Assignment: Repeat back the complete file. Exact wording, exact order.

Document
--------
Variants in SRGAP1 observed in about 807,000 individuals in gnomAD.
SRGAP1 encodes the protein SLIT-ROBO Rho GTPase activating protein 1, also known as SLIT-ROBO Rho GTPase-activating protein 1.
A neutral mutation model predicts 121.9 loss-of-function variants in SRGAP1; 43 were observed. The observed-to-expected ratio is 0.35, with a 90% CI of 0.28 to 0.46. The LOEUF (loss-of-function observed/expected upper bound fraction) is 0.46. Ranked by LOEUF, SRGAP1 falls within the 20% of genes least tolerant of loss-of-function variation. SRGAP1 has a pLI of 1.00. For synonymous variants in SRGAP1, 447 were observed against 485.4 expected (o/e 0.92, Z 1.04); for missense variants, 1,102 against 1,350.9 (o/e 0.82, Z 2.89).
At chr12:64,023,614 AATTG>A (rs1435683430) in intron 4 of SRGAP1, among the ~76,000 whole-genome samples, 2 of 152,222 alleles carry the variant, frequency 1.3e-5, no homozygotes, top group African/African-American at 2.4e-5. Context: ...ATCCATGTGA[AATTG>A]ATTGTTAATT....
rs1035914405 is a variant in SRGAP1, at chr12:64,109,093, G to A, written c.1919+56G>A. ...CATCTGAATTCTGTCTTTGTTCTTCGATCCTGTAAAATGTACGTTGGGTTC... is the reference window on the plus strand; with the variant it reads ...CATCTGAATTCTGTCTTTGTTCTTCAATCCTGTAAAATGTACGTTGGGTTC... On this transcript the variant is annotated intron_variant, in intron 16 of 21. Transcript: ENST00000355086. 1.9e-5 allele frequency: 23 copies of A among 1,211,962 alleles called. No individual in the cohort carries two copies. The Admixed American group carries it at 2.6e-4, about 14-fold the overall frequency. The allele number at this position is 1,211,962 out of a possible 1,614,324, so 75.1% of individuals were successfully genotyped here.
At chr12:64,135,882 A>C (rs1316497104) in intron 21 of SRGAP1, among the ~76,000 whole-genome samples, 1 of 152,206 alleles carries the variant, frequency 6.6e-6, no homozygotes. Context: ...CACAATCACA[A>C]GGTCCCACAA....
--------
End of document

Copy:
Variants in SRGAP1 observed in about 807,000 individuals in gnomAD.
SRGAP1 encodes the protein SLIT-ROBO Rho GTPase activating protein 1, also known as SLIT-ROBO Rho GTPase-activating protein 1.
A neutral mutation model predicts 121.9 loss-of-function variants in SRGAP1; 43 were observed. The observed-to-expected ratio is 0.35, with a 90% CI of 0.28 to 0.46. The LOEUF (loss-of-function observed/expected upper bound fraction) is 0.46. Ranked by LOEUF, SRGAP1 falls within the 20% of genes least tolerant of loss-of-function variation. SRGAP1 has a pLI of 1.00. For synonymous variants in SRGAP1, 447 were observed against 485.4 expected (o/e 0.92, Z 1.04); for missense variants, 1,102 against 1,350.9 (o/e 0.82, Z 2.89).
At chr12:64,023,614 AATTG>A (rs1435683430) in intron 4 of SRGAP1, among the ~76,000 whole-genome samples, 2 of 152,222 alleles carry the variant, frequency 1.3e-5, no homozygotes, top group African/African-American at 2.4e-5. Context: ...ATCCATGTGA[AATTG>A]ATTGTTAATT....
rs1035914405 is a variant in SRGAP1, at chr12:64,109,093, G to A, written c.1919+56G>A. ...CATCTGAATTCTGTCTTTGTTCTTCGATCCTGTAAAATGTACGTTGGGTTC... is the reference window on the plus strand; with the variant it reads ...CATCTGAATTCTGTCTTTGTTCTTCAATCCTGTAAAATGTACGTTGGGTTC... On this transcript the variant is annotated intron_variant, in intron 16 of 21. Transcript: ENST00000355086. 1.9e-5 allele frequency: 23 copies of A among 1,211,962 alleles called. No individual in the cohort carries two copies. The Admixed American group carries it at 2.6e-4, about 14-fold the overall frequency. The allele number at this position is 1,211,962 out of a possible 1,614,324, so 75.1% of individuals were successfully genotyped here.
At chr12:64,135,882 A>C (rs1316497104) in intron 21 of SRGAP1, among the ~76,000 whole-genome samples, 1 of 152,206 alleles carries the variant, frequency 6.6e-6, no homozygotes. Context: ...CACAATCACA[A>C]GGTCCCACAA....